- News Releases
DEAR MAYO CLINIC: Is it possible for children to have irritable bowel syndrome? My 9-year-old son often complains of stomach pain, but we can’t seem to find a cause or pattern. ANSWER: Although irritable bowel syndrome is possible in a 9-year-old, it is very rare. Stomach pain, on the other hand, is quite common in children that age. When stomach pain persists, it should be evaluated. If you have not already done so, make an appointment for your son to see his primary care provider. If necessary, that individual may recommend that he see a gastroenterologist who specializes in caring for children. Even if the exact source of stomach pain cannot be identified, there often are ways it can be effectively managed. Many children have stomach pain. Usually it is not a symptom of a larger medical problem, and the pain often goes away on its own. But when stomach pain in children lasts, it does become a concern, particularly when it continues to be a problem for three months or more.
Tobacco use remains the leading preventable cause of death in the United States and leads to a host of cancers and illnesses. A new report by the Surgeon General released today, The Health Consequences of Smoking, highlights a half a century of progress in tobacco control and prevention since the first report in 1964. The report also includes new findings on the health effects of smoking and a call to action on how to end the continuing tobacco use epidemic. Journalists: Sound bites with Dr. Hurt are available in the downloads. “We lose over 480,000 Americans every single year to tobacco-related diseases,” says Richard Hurt, M.D., director of Mayo Clinic’s Nicotine Dependence Center. “Cigarette smoke affects every organ system in the body. We’ve known for a long time that cigarette smokers have a larger number of polyps of the colon, which are the precursor to colon cancer. So it’s not a big surprise that now the committee is concluding that cigarette smoking is associated with colon cancer.” http://www.youtube.com/watch?v=zXzyJ1520cA&hd=1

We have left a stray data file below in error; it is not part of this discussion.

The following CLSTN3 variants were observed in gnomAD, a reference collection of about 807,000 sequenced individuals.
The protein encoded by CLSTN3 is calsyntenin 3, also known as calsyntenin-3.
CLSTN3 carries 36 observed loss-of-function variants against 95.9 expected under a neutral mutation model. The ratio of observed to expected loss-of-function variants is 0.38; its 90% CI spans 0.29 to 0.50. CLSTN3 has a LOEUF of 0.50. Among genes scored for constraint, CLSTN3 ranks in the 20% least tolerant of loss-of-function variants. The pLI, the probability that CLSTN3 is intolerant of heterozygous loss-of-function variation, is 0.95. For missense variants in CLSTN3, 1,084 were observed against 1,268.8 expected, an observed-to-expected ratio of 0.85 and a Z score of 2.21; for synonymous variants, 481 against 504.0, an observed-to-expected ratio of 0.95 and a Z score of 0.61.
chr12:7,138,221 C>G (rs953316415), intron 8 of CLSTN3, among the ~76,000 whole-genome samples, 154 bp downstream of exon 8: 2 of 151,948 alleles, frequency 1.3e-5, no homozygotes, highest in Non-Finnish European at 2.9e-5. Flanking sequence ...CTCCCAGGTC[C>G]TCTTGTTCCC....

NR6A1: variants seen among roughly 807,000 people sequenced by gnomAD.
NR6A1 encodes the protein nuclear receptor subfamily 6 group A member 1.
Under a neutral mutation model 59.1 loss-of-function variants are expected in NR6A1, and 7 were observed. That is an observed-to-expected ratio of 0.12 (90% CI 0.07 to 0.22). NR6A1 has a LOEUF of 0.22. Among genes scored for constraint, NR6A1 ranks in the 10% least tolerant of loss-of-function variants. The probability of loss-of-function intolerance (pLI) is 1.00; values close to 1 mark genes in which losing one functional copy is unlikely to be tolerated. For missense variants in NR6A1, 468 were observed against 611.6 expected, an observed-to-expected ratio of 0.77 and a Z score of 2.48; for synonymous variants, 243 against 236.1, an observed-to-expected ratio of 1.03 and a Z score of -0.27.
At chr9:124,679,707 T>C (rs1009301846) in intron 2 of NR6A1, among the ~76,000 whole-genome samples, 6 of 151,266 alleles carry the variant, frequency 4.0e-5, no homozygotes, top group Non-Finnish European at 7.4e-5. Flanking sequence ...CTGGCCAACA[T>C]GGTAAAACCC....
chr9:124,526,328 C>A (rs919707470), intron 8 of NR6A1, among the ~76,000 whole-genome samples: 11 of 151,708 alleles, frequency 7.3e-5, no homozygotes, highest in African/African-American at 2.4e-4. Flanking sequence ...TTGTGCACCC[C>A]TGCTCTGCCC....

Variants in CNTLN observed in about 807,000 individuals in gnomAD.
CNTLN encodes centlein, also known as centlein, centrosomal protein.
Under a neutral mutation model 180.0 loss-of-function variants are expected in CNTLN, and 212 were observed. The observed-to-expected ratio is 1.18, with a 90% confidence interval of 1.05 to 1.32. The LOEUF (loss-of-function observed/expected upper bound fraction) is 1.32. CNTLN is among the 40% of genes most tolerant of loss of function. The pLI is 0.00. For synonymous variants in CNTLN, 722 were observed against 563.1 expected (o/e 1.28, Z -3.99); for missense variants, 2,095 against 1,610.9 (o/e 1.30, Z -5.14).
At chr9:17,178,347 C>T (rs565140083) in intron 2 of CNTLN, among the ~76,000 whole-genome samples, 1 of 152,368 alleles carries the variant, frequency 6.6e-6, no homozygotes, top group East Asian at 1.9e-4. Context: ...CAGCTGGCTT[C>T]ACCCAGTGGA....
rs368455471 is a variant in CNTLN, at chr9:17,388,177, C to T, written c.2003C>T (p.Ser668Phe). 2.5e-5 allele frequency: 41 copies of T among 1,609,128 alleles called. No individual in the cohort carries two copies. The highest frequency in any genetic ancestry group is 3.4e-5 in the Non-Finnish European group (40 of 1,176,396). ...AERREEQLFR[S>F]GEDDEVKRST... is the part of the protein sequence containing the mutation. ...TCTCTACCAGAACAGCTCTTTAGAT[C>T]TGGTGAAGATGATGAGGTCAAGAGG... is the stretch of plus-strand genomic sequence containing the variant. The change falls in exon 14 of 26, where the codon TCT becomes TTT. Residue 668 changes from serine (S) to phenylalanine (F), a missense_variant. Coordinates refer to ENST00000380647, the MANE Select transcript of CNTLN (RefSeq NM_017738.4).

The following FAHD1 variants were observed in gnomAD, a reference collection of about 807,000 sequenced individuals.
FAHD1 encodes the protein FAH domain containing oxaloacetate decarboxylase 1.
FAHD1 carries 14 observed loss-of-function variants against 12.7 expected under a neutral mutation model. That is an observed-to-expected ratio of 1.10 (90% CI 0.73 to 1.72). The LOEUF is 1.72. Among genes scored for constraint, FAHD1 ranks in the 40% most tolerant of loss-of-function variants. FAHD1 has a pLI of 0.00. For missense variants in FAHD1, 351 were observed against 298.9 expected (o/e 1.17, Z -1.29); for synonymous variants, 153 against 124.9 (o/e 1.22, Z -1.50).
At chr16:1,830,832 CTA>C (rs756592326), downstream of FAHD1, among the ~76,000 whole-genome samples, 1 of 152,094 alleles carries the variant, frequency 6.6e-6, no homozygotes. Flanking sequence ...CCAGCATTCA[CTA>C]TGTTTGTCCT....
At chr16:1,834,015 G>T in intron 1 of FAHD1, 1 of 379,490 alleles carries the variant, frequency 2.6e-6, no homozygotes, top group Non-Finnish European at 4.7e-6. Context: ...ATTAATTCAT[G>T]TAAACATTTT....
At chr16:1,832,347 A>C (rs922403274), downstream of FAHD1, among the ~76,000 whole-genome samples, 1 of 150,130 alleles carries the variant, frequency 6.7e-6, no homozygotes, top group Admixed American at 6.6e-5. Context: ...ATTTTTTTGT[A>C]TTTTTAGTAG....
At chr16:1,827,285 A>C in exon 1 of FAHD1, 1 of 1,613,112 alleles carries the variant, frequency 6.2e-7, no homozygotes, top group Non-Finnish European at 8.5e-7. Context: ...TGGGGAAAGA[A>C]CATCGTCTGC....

Research Features from Mayo Clinic Rochester, Minn. — January 8, 2014 — Here are highlights from the latest online issue of Discovery's Edge, Mayo Clinic's research magazine. You may cite and link to this publication as often as you wish. Republication is allowed with proper attribution. Please include the following subscription information as your editorial policies permit: Visit Discovery's Edge for subscription information. Reducing the Panic of Fecal Incontinence Fecal incontinence is an embarrassing and common problem, especially for women. A Mayo Clinic researcher's institution-wide collaboration into its causes has led to new ways to better identify this seldom-discussed problem. Genomics: The Dawn of a New Medical Era Using a person's genes to prescribe the right medications once seemed like science fiction. Building on decades of research, Mayo Clinic researchers are now exploring how deeper genetic knowledge can be used for early detection of and better treatment for such pressing medical problems as heart disease, Alzheimers disease and cancer.